In today's rapidly evolving workplace, an intergenerational workforce may serve as a catalyst for success. This blog by Kali Bolawole, enei’s Diversity and Inclusion Manager, explores how embracing diversity across different generations can foster innovation, productivity, and inclusivity within organisations.
I remember when I first entered the workplace as an educator, I always had remarks or comments made directly to me about ‘being young’, ‘too young to do the job’, or ‘you look like one of the students, they’ll never take you seriously’. And I guess if I wasn’t who I am, this could have easily shattered my confidence or made me feel inadequate, but it didn’t. Because even then, I realised the power of being able to share recent studies, knowledge, or insights that my more experienced colleagues didn’t have was beneficial to me. That as a young educator, it was helpful for my students who felt more able to communicate, relate, and build a professional relationship with me because I was young. Ultimately, I learnt that working together with my experienced colleagues helped me to understand the nuances of working as a secondary teacher; it is what defined the start of my career and helped me grow.
One thing that I have greatly admired in a workplace is how an intergenerational workforce brings a wealth of experience, fosters innovation, bridges the generation gap, and enhances employee engagement and retention. Research conducted by Harvard Business Review (HBR) reveals the effectiveness of diverse age-range teams in decision making and problem solving. The HBR article, How to Manage a Multi-Generational Team, explains that early career employees offer fresh perspectives and technological expertise, while experienced professionals provide industry-specific knowledge and mentorship. And for this, I am grateful to have had (and continue to have) in the workplace.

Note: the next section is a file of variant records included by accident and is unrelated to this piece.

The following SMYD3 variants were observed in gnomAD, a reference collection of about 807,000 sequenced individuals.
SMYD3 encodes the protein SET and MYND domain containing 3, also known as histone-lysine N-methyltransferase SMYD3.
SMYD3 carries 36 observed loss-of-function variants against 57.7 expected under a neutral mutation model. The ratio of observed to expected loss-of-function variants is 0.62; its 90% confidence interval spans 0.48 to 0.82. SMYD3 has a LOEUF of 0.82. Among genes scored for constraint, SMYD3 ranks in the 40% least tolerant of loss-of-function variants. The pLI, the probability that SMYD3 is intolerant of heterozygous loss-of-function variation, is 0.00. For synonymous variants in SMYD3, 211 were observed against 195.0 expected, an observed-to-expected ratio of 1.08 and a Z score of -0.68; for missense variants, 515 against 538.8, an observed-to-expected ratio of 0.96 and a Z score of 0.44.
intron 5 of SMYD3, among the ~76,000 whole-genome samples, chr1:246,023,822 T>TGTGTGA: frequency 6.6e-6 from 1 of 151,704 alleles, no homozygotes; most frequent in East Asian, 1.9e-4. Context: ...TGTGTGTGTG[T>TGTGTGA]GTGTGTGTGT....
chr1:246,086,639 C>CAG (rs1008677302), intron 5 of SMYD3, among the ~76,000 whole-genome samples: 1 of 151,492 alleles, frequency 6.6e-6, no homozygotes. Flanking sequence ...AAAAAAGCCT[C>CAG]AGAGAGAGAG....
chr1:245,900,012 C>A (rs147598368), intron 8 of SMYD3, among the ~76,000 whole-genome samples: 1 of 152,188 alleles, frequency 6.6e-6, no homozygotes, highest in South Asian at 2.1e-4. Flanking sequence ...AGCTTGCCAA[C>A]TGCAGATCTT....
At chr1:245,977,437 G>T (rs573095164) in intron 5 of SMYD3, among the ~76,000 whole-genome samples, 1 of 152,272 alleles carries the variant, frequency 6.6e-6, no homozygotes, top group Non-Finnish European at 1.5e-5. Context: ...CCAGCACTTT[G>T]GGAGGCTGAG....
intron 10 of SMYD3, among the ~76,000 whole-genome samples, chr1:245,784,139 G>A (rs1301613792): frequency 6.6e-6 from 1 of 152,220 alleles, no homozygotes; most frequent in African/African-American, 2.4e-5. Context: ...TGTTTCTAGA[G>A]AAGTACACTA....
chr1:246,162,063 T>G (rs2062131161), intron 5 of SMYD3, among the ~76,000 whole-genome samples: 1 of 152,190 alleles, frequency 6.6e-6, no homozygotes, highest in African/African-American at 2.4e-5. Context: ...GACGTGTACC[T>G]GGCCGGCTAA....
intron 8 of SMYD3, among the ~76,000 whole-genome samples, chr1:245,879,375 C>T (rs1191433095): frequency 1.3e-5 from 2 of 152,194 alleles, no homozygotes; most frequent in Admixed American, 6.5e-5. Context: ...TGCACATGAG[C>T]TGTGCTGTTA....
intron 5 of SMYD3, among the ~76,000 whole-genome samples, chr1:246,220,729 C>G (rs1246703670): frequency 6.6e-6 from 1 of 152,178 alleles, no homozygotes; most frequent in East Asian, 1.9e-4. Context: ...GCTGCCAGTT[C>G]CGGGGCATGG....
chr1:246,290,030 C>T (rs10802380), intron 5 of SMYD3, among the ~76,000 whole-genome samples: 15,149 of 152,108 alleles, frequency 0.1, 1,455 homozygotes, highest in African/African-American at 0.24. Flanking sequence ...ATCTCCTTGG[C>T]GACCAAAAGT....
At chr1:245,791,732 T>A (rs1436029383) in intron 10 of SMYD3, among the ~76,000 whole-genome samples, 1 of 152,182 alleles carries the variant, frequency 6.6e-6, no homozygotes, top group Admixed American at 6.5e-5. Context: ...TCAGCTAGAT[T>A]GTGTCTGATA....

Kali Bolawole, enei Diversity and Inclusion Manager
When I first entered the workplace as an educator, I always had remarks or comments made directly to me about ‘being young’, but it was helpful for my students who felt more able to communicate with me because I was young. Ultimately, I learnt that collaborating with my experienced colleagues helped me understand the nuances of working as a secondary teacher; it is what defined the start of my career and enabled me to grow.
By harnessing the power of an intergenerational workforce, organisations can unlock the potential for innovation, adaptability, and knowledge transfer. I know from personal experience as an educator that embracing diversity and inclusion across generations creates a culture of belonging and fosters collaboration. Companies that prioritise a multigenerational workforce position themselves for long-term success and attract top talent in an increasingly competitive business landscape.
This blog post was written by Kali Bolawole, Diversity and Inclusion Manager at enei. It was posted on 26 July 2023.
- Find Your Audience Online, Business Statistics 101: The Virtues of a Multigenerational Workforce
- Harvard Business Review, How to Manage a Multi-Generational Team by Emma Waldman, 31 August 2021
- Indeed, Why Is a Multigenerational Workforce Important?
- LinkedIn, UK Talent Trends, May 2023